The recent revelations by Edward Snowden of the National Security Agency's massive surveillance program in Europe has created a furor overseas, especially in Germany, where it is alleged that the NSA went so far as to listen in on the cell phone of German Chancellor Angela Merkel.
In this audio, Washington and Lee law professor Russell Miller, an expert in German Constitutional Law who has researched both U.S. and European national security issues, explains the different reactions to this news in the U.S. and Germany and why Americans seem less alarmed by the NSA program.
Miller recently gave an interview on this topic to the Germany's "Verfassungsblog," which covers constitutional law issues in Germany. In the interview he observed that a "common explanation is that American comfort with these and other recent security measures reflects the still-open wound and insecurity left by the September 11, 2001 terrorist attacks, which can be compared with Germany's recent very negative experiences with state security institutions during the National Socialist period and in the GDR. I'm interested in another possible explanation, which involves a more nuanced understanding of Americans' traditional suspicion of government and of the state.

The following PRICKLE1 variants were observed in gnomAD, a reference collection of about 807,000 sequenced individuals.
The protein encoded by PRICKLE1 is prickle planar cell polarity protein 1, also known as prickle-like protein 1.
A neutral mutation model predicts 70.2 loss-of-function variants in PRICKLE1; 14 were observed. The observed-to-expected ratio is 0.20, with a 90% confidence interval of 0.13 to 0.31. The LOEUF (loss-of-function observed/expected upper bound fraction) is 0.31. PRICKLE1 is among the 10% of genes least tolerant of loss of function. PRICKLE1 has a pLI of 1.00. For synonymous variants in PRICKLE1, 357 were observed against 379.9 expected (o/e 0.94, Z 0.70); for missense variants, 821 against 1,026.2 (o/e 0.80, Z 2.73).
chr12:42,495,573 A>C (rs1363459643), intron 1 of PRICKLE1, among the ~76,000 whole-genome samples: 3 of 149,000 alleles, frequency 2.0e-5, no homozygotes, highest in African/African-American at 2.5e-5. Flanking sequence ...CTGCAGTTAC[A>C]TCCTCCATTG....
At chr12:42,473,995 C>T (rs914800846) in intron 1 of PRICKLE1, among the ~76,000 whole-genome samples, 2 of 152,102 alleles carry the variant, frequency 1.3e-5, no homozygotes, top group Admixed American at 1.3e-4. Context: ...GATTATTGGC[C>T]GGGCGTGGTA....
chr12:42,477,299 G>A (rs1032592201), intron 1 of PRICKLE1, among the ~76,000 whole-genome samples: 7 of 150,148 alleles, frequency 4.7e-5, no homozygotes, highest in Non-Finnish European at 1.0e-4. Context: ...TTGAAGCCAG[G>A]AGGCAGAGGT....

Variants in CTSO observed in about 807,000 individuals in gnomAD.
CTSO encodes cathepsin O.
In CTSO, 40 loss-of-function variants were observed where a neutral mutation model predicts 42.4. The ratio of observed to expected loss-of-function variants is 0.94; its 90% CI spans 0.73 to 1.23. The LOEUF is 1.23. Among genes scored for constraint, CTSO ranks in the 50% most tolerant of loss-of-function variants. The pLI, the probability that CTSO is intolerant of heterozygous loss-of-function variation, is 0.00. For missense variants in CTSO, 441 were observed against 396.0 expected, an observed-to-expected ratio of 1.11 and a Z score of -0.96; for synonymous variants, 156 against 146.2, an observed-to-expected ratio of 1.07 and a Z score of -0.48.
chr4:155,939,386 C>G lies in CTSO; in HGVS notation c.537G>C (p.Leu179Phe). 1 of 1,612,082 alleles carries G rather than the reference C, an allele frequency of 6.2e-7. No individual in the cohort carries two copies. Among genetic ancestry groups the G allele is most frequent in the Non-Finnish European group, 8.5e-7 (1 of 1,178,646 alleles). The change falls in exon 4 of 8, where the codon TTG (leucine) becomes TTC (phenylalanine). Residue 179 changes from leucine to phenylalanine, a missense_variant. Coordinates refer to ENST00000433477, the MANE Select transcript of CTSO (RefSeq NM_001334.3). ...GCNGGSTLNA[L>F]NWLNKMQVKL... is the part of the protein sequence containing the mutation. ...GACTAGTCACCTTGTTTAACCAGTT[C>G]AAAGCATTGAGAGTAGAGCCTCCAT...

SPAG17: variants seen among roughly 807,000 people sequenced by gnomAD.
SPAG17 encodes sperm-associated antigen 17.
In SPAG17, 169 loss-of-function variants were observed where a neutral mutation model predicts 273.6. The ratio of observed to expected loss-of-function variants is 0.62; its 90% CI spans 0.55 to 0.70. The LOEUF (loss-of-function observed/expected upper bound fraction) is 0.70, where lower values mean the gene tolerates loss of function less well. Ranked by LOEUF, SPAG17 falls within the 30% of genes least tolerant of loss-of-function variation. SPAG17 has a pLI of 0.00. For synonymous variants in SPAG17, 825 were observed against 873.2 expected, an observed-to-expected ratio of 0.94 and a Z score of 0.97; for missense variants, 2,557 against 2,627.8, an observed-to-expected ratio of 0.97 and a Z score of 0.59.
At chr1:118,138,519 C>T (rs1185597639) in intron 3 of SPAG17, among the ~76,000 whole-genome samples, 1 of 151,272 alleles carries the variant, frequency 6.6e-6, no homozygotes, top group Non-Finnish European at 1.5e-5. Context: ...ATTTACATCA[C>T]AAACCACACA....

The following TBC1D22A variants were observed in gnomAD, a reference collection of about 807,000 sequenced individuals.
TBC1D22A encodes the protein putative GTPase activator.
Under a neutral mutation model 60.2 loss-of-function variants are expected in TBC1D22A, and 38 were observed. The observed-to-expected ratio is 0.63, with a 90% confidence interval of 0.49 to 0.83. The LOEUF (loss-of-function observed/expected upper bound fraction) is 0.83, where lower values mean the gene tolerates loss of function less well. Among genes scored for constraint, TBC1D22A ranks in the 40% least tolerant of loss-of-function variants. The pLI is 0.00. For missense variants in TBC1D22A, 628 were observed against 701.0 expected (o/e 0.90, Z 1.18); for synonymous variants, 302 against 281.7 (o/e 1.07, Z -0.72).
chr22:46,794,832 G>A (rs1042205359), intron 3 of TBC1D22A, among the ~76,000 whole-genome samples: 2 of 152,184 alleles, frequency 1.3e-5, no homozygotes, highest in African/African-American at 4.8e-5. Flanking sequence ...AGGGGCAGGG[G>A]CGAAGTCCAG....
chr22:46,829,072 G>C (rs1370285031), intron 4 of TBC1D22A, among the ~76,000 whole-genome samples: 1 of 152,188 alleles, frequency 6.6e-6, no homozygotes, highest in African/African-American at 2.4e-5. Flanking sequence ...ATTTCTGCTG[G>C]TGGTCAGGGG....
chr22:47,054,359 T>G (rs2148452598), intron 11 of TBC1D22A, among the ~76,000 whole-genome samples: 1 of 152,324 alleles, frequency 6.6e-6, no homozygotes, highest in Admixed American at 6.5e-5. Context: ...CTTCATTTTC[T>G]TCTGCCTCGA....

"I think there might be evidence that Americans have traditionally embraced state power in a realm I might refer to as the core role of government. In that realm there is a deeply accepted, but very narrow, range of purposes for which Americans think government is essential. It is only outside of that narrow, core range that the American suspicion of the state surfaces. Security would have to be one of these core state functions with which Americans are much less troubled."
The full interview is available online.